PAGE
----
Wearable vendors must develop and implement policies and procedures regarding data protection and security, as well as consumer privacy, before implementing research and development strategies, according to a recent report.
The Health Data Exploration Project initiative between the University of California San Diego Center for Democracy & Technology and Fitbit, in which the fitness company provided access to its internal research and development process, produced the report, detailing best-of-breed privacy practices for wearables makers.
"R&D teams in wearable technology can and should also be laboratories of privacy and ethical research best practices," the report's authors write. They add that internal research and development provides a flexible scenario for privacy and ethical data policy pilots and practices as well as offers an opportunity to build a culture of privacy and security.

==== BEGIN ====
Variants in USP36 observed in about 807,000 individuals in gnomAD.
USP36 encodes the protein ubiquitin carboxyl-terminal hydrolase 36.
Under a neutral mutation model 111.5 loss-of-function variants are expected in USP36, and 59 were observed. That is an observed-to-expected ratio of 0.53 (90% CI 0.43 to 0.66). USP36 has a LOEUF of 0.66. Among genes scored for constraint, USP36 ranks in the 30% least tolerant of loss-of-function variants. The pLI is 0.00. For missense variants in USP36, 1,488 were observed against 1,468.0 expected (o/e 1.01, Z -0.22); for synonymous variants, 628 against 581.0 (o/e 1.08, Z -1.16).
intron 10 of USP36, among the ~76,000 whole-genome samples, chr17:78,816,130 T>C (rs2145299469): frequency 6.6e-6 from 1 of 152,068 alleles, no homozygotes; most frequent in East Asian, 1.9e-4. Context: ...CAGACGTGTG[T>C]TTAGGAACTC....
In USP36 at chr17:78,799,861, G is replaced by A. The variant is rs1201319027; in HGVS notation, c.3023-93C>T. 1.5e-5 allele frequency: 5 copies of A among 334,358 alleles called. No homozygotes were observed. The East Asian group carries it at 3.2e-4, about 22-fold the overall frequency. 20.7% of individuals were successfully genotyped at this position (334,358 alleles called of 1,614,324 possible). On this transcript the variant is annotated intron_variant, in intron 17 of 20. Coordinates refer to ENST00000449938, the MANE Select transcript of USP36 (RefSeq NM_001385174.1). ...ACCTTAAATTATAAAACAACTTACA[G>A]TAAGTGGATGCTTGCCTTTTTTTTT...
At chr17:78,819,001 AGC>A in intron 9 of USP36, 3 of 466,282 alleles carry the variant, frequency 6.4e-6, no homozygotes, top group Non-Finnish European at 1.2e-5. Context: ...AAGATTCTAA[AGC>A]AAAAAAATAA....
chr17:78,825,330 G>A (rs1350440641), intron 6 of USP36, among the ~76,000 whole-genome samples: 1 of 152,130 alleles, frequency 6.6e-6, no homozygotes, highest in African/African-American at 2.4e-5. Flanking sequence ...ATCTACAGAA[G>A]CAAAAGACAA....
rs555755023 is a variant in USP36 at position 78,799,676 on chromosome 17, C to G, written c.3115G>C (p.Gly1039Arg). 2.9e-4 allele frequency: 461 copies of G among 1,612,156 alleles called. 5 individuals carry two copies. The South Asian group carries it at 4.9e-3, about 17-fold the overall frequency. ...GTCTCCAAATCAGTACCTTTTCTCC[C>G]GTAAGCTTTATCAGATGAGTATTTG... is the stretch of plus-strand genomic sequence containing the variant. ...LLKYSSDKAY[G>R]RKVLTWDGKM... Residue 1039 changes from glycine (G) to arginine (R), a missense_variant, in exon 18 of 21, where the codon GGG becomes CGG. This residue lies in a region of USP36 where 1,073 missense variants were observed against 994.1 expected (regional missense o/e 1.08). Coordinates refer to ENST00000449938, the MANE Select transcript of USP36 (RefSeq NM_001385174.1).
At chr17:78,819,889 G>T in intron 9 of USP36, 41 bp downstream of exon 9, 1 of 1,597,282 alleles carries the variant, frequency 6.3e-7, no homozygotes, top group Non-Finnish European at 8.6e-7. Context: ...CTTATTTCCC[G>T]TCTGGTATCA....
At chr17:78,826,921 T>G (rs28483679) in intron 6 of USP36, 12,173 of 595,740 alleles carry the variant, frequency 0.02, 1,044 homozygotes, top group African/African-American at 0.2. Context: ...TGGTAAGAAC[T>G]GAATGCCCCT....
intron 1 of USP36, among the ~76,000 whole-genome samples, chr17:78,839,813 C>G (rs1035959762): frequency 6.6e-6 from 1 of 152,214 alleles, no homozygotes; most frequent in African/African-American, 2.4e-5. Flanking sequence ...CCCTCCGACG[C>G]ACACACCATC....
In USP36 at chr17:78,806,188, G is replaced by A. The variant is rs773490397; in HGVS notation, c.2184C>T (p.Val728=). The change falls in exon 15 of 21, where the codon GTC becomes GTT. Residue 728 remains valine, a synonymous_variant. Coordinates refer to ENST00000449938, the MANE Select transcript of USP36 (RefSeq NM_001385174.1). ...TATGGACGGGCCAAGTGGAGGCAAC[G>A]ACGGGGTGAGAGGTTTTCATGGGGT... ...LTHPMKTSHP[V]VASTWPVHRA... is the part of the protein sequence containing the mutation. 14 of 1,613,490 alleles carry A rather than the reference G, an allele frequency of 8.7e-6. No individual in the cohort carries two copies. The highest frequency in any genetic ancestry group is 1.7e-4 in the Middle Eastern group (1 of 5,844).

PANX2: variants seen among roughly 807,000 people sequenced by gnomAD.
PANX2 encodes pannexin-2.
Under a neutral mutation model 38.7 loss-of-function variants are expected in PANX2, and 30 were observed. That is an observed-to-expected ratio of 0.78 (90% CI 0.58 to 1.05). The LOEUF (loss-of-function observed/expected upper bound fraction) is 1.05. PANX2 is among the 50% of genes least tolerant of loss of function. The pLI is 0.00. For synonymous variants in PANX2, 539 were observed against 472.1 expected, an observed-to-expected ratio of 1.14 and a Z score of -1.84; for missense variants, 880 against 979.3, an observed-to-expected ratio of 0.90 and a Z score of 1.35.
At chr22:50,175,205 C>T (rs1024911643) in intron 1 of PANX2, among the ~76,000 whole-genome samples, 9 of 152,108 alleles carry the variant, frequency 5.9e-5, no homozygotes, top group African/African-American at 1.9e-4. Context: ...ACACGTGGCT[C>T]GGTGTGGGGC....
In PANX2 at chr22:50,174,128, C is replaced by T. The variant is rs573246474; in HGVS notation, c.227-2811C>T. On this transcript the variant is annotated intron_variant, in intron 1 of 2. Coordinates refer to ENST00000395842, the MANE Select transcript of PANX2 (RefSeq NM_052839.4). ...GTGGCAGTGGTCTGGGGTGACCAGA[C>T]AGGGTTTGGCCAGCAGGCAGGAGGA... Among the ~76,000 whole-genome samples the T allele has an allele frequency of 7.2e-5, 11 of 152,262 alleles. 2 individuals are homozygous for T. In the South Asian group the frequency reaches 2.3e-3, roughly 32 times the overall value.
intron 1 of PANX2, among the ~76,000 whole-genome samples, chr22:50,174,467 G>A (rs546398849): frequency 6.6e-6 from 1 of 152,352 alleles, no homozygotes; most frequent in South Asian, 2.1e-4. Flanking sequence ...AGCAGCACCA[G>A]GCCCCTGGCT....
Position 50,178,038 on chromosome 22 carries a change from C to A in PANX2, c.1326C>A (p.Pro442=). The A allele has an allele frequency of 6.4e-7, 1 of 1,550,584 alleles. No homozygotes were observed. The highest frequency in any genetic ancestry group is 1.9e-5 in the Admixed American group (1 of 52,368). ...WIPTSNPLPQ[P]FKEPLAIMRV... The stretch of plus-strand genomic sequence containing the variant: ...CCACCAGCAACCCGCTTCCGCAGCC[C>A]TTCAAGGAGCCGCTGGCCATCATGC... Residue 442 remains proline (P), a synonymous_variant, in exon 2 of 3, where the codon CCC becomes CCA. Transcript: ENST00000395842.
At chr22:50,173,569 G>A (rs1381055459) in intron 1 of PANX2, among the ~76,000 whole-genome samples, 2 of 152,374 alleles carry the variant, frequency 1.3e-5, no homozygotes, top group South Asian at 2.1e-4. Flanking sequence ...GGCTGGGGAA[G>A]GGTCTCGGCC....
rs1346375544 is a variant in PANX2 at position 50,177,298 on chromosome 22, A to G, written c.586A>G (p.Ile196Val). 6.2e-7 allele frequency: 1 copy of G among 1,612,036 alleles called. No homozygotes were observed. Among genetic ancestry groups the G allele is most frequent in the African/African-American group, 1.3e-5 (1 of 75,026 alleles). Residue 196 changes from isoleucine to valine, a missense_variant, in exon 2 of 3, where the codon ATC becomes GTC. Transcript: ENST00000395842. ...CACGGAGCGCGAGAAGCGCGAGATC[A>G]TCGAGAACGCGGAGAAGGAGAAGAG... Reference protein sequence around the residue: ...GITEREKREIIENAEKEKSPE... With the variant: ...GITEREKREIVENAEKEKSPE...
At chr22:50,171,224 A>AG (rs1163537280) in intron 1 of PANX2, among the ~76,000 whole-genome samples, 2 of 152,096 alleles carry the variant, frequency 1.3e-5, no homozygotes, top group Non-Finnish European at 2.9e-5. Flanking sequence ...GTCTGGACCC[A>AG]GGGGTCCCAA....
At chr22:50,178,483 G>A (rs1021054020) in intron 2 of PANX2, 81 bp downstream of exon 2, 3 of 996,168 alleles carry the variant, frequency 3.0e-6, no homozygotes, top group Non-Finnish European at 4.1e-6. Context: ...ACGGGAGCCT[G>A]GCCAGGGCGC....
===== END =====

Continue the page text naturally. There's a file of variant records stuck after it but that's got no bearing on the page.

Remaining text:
Wearable advancements, such as sensors and complex algorithms, demand stronger data protection and user privacy efforts, according to the report.
"As the wearable industry grows, and as products and services become more intimately connected to our personal lives, questions about the role of individual dignity, data stewardship, and corporate citizenship will increase. We have a unique opportunity to ameliorate public concern now and in the future by defining the wearable industry as one that stands up for user privacy and dignity, starting with a commitment to privacy-aware and ethical guidelines for R&D," the report's authors write.
The recommendations come at a time when wearables use is steadily climbing. Research firm Tractica predicts more than 66 million wearables will ship globally each year by 2021. Healthcare is a prime market, according to Tractica, which expects smart clothing shipments to spike from 968,000 this year to 24.8 million by 2021.